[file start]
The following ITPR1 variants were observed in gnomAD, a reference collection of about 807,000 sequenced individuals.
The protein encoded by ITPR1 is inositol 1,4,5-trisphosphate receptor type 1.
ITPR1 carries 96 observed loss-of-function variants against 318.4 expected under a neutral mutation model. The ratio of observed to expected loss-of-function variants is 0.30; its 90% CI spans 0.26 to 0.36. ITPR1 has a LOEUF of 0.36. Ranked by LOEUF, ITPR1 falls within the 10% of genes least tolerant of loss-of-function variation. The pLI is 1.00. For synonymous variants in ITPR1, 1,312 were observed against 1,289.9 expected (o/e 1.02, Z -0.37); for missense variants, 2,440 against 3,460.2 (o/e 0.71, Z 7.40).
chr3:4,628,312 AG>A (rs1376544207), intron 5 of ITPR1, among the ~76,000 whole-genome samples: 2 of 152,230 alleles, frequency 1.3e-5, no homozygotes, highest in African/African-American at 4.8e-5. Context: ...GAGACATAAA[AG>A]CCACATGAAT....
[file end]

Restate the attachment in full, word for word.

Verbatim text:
The following ITPR1 variants were observed in gnomAD, a reference collection of about 807,000 sequenced individuals.
The protein encoded by ITPR1 is inositol 1,4,5-trisphosphate receptor type 1.
ITPR1 carries 96 observed loss-of-function variants against 318.4 expected under a neutral mutation model. The ratio of observed to expected loss-of-function variants is 0.30; its 90% CI spans 0.26 to 0.36. ITPR1 has a LOEUF of 0.36. Ranked by LOEUF, ITPR1 falls within the 10% of genes least tolerant of loss-of-function variation. The pLI is 1.00. For synonymous variants in ITPR1, 1,312 were observed against 1,289.9 expected (o/e 1.02, Z -0.37); for missense variants, 2,440 against 3,460.2 (o/e 0.71, Z 7.40).
chr3:4,628,312 AG>A (rs1376544207), intron 5 of ITPR1, among the ~76,000 whole-genome samples: 2 of 152,230 alleles, frequency 1.3e-5, no homozygotes, highest in African/African-American at 4.8e-5. Context: ...GAGACATAAA[AG>A]CCACATGAAT....